It was strange enough to be sat next to Jono again. Dylan never anticipated that such a day would come, although for years, he’d dreamed of it. It seemed unreal, and if he found out he was dreaming, he wouldn’t have been shocked. After all, it wouldn’t have been the first time.
The oddest part was that Dylan still felt the same about Jono. After so long, the butterflies never faded. Jono still ignited the same fire, and it gave Dylan the most powerful warming sensation he could dream of. A feeling he knew he hadn’t felt in seven years.
“I’m sorry about your dad,” Dylan broke the silence. Jono had led them into a side room to talk in private, “My heart sank when I heard.”
“Thanks,” Jono replied. Dylan looked over to make eye contact, but Jono was staring straight ahead. The atmosphere was blatant – neither of them knew how to act or what to expect, “I’m sorry, I know my postcard is overdue.”
“It’s okay,” Dylan automatically reassured, “Is everything alright?”
“Yeah,” Jono replied, his voice quivering, “Same old, same old. Nothing much changes in London.”
“That doesn’t sound alright,” Dylan knew when Jono was lying. Nothing had changed in that regard, “Tell me the truth.”
“Damn, nothing gets past you. It never did,” Jono chuckled, “I mean, it could be worse. It’s true that nothing changes, but it’s so fucking boring, Dyl. I don’t feel like I belong there. I never found my people, or my places, or my dream job. It all feels wrong.”
“Because it is,” Dylan sighed. He felt so guilty. He wished so badly that they could just swap places, or even better, end the stupid curse for good, “You belong here.” An awkward silence followed. Neither of them knew what to say, because there was an unavoidable elephant in the room. Things weren’t the same, and Dylan had moved on.
“I miss you so much,” Jono confessed, finally breaking through the thick atmosphere, “I know you’re happy with Harry now, but I miss having you around. Nobody gets me like you do, Dyl. I need you.”
Before Dylan could begin to think about his response, the waiting room door swung open. To Dylan’s surprise, there stood Harry. How did he know where he was?
“Hey, everything okay?” Dylan greeted.
“I came to as you the same thing, considering, you know,” Harry gestured towards Jono with his eyes. He seemed agitated and frustrated, and that was the last thing Dylan wanted him to feel.
“I thought I recognised you earlier,” Jono smiled politely, his vibe being the complete opposite.
“Wait, you two met?” Dylan was taken aback. What were the chances of that?
“Sorta, I was just leaving therapy and we walked past each other,” Harry replied. Dylan could feel Harry’s anxiety against his skin, and it worried him.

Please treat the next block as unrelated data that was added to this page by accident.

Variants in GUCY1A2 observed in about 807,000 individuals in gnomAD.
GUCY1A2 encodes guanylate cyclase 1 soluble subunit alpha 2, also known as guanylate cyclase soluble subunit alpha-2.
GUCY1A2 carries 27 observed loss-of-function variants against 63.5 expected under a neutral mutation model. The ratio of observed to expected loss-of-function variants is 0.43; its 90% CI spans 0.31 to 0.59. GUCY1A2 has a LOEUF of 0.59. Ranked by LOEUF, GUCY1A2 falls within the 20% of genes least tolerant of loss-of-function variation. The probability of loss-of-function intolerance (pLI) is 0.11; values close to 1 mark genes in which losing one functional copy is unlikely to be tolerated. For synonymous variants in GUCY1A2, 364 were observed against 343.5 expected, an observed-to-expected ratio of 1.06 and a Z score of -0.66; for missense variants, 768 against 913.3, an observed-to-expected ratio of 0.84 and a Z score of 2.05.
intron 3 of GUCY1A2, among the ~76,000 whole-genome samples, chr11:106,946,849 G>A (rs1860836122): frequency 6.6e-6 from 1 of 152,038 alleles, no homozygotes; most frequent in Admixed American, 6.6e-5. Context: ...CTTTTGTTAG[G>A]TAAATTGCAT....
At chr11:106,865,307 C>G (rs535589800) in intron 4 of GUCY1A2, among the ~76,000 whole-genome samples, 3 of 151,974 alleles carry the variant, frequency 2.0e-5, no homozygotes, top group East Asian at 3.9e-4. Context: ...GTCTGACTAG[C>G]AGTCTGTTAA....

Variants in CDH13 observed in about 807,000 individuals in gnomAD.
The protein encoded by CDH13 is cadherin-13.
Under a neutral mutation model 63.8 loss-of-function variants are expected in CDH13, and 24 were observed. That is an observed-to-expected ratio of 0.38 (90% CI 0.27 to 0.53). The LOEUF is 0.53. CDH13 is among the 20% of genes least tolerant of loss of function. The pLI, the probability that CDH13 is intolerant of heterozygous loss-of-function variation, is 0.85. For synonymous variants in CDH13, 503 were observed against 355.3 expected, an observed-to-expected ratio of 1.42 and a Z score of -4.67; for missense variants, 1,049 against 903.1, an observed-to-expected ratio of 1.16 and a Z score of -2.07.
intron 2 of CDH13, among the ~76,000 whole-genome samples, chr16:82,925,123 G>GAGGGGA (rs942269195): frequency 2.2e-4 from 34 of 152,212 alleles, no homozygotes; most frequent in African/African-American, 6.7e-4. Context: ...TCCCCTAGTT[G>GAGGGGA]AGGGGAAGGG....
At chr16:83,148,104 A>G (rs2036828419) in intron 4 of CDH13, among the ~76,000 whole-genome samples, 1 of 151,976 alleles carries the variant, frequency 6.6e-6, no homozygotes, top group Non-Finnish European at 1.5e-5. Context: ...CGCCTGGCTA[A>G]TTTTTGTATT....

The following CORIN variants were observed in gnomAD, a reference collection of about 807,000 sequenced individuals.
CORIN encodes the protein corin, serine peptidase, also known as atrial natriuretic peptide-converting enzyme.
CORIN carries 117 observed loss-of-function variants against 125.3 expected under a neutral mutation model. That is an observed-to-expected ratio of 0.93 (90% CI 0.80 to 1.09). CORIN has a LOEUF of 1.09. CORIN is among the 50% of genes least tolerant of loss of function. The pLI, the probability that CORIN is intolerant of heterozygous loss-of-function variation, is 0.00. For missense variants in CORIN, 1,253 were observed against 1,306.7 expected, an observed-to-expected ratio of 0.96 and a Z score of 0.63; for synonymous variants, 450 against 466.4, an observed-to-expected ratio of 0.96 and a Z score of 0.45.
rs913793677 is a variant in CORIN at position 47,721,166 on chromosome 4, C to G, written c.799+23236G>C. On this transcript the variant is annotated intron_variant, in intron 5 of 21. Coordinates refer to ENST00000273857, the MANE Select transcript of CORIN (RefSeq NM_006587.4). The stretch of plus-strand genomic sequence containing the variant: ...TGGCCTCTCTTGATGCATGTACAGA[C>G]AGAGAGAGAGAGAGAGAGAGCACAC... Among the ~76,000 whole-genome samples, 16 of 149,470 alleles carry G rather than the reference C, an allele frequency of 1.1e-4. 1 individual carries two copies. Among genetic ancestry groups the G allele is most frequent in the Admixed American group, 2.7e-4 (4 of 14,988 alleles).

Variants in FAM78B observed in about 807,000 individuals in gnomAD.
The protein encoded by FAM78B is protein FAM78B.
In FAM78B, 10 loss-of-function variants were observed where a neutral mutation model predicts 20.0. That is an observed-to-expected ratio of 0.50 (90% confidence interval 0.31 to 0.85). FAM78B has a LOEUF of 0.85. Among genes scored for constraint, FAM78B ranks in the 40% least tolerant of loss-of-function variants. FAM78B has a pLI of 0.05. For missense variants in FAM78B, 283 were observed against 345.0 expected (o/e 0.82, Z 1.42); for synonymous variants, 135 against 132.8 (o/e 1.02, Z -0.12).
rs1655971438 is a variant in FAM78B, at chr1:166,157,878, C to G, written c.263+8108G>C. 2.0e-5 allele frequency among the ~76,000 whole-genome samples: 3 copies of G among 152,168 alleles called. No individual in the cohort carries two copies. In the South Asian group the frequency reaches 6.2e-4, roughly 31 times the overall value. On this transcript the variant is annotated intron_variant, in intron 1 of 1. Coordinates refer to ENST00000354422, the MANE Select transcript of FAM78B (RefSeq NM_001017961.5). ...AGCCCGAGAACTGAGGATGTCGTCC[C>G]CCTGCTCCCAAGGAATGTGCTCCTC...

“It’s nice to meet you properly,” Jono continued, “Dylan’s said so many good things.”
“Likewise,” Harry put on a smile back, but there was a definite tension in the air again. Neither of them were being honest, and Dylan wasn’t sure what to think.
“Jono can’t stay long,” Dylan justified, but he felt guilty. Jono was struggling, and he couldn’t let that continue, “Unless we find a solution. We have at least today, right? The Nemeton won’t go crazy just yet. It’s time for a last-ditch attempt. We need to get you home, Jon.” Jono beamed, and Harry nodded along too, but how honest he was being, Dylan was unsure. Tough conversations were on the horizon, and the first was one that Dylan needed to have with himself.
Brett’s yawn said it all. It had been a long day, and quite frankly, they never wanted to go Instagram stalking ever again. It was always fun to scroll through photos of hot guys, and being careful not to like a photo from three years back was an extreme sport, but this wasn’t the same.
On the bright side, Brett and Yasmin had narrowed the list down, and there were just a couple of accounts that didn’t make any sense. Most of the rest were Harry’s family, friends, or people from college who were miles away, so it was easy to keep track of who had a motive or an alibi. Both lacked profile pictures and only had a handful of followers each. Perhaps they were spam, but there was no way of telling.
“Okay, what now?” Brett wondered, “We don’t really have much to go off.”
“I’ve got an idea,” Yasmin replied. She always did, Brett was counting on it, “But it’s dangerous. We need Ed involved.”
“A honey trap,” Brett realised. It was their best shot, but they couldn’t help worrying, “What if they’re dangerous?”
“That’s why we’ll have Ed,” Yasmin replied.
“But Ed can’t stop a bomb going off,” Brett clarified. If the attack was going to be anywhere near as bad as the time before, a few deputies weren’t going to be enough.
“It shouldn’t get to that point,” Yasmin re-explained, “Someone needed to have planted to bomb at the bar in advance, right? If we give them enough notice, we can keep an eye on everyone who goes in and out of our chosen venue.”
“Genius,” Brett was impressed. Yasmin, as always, had thought of everything.
“Hey, look who’s here,” Yasmin glanced out of the office window. Just through the blinds, Brett could see Oscar approaching. Finally, he’d caught up with them. Where he’d bee in the hour since his work ended, Brett had no idea, but they were relieved he was safe.
“Hey,” Brett smiled as Oscar calmly entered the room. Unusually, he didn’t reply. In fact, his face looked entirely vacant. There was no semblance of Oscar’s usual self in sight. Brett was worried – what had happened?
Oscar’s eyes lit up, but they weren’t their usual illuminating yellow. They glared a piercing orange unlike anything Brett had seen before. The worry escalated to fear. This wasn’t Oscar. They were in danger.